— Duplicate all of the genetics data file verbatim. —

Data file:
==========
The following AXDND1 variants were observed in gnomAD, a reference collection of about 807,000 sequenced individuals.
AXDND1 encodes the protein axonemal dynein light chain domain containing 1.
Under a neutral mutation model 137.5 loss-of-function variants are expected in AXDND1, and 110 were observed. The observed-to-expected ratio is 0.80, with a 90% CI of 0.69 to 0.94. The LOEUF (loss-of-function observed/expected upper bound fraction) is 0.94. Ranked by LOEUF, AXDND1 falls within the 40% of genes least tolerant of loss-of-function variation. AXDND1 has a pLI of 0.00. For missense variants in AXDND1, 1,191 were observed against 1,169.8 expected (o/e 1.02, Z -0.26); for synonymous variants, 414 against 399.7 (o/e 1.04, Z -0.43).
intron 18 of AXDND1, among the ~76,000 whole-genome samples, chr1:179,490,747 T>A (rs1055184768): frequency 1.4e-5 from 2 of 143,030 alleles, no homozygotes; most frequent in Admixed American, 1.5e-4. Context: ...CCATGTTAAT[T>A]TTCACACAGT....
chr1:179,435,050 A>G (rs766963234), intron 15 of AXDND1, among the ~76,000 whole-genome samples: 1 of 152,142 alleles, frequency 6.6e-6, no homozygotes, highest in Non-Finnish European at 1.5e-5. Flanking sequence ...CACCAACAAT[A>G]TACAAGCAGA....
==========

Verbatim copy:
The following AXDND1 variants were observed in gnomAD, a reference collection of about 807,000 sequenced individuals.
AXDND1 encodes the protein axonemal dynein light chain domain containing 1.
Under a neutral mutation model 137.5 loss-of-function variants are expected in AXDND1, and 110 were observed. The observed-to-expected ratio is 0.80, with a 90% CI of 0.69 to 0.94. The LOEUF (loss-of-function observed/expected upper bound fraction) is 0.94. Ranked by LOEUF, AXDND1 falls within the 40% of genes least tolerant of loss-of-function variation. AXDND1 has a pLI of 0.00. For missense variants in AXDND1, 1,191 were observed against 1,169.8 expected (o/e 1.02, Z -0.26); for synonymous variants, 414 against 399.7 (o/e 1.04, Z -0.43).
intron 18 of AXDND1, among the ~76,000 whole-genome samples, chr1:179,490,747 T>A (rs1055184768): frequency 1.4e-5 from 2 of 143,030 alleles, no homozygotes; most frequent in Admixed American, 1.5e-4. Context: ...CCATGTTAAT[T>A]TTCACACAGT....
chr1:179,435,050 A>G (rs766963234), intron 15 of AXDND1, among the ~76,000 whole-genome samples: 1 of 152,142 alleles, frequency 6.6e-6, no homozygotes, highest in Non-Finnish European at 1.5e-5. Flanking sequence ...CACCAACAAT[A>G]TACAAGCAGA....